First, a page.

Like the Swiss sense of nationhood, the Finnish national identity was being constructed as the intense period of the formation and circulation of European colonial knowledge of Africa took place, and it can be argued that these two processes were to some extent interlinked, and “Africans” constructed as the ultimate Other to the Finns. The Finnish Missionary Society began its work overseas in OwamboFootnote 29 in South-West Africa in 1870. The Owambo region (in present-day Namibia) became an especially meaningful place for Finns. Approximately 500 Finnish missionaries have spent varying periods of time in the region since 1870. At first, Finns were the only people of European origin staying in the area; even under the German regime, starting in 1884, the grip of colonial administration in this provincial region was weak or non-existent. Yet, the Finnish presence in the region resulted in activities and long-lasting effects similar to those that were typical in a colonial relation. The Finns introduced the Owambos, the main ethnic group in the area, to Western modes of education, medicine, material culture, and social practices, in particular, the Evangelical Lutheran faith and a written language.Footnote 30 Thus, in seeking to transform the Owambos’ ways of being in the world, Finns played an active role in advancing informal Western empires.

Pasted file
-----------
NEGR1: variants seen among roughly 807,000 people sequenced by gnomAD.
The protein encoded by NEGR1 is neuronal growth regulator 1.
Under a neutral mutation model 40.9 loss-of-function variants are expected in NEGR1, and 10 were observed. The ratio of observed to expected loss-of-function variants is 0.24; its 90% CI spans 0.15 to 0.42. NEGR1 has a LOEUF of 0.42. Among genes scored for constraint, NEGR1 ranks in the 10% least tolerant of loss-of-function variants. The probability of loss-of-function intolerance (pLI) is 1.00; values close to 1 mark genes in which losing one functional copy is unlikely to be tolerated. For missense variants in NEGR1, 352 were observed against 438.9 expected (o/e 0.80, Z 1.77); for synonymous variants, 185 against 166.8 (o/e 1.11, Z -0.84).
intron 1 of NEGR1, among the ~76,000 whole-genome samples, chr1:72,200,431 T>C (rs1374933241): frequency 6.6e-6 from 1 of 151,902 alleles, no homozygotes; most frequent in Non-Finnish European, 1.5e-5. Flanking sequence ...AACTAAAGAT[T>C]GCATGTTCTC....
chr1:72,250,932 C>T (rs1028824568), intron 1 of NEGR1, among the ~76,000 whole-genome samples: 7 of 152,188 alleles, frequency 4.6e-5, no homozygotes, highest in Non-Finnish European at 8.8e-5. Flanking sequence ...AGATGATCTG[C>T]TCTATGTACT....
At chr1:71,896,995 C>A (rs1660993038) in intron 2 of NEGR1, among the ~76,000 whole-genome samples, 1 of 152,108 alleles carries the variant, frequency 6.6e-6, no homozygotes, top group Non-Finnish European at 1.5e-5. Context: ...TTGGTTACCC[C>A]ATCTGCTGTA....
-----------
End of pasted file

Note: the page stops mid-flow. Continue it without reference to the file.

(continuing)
In the early twentieth century, the Finnish Missionary Society began its work in other parts of the world, especially in China. Due to a strong xenophobic sentiment in China and its own long imperial history, Western mission workers, including the small group of Finns, encountered entirely different challenges than elsewhere in the world. Rather than attempting to change the society, they were themselves forced to adopt local customs to approach Chinese people.Footnote 31 Therefore it is debatable whether Finnish missionary work in China was colonial in nature. Scholars have long discussed whether Christian missionaries who lived and worked in colonized countries assisted consolidating empires or whether they served to weaken the colonial rule. The extent and character of the missionary participation in colonial projects has also divided scholars who, as Karen Vallgårda points out, may have actually based their arguments on fundamentally different conceptions of colonialism.Footnote 32 Missionary work and colonialism have often intertwined and both have indisputably created structures that benefited or sustained the other. Yet, as Vallgårda reminds, to avoid dichotomous descriptions and to achieve a more nuanced understanding of the complex connections between missions and colonialism, new historical examples that evade fixed categories, such as colonizers and colonized, should be brought to scrutiny.Footnote 33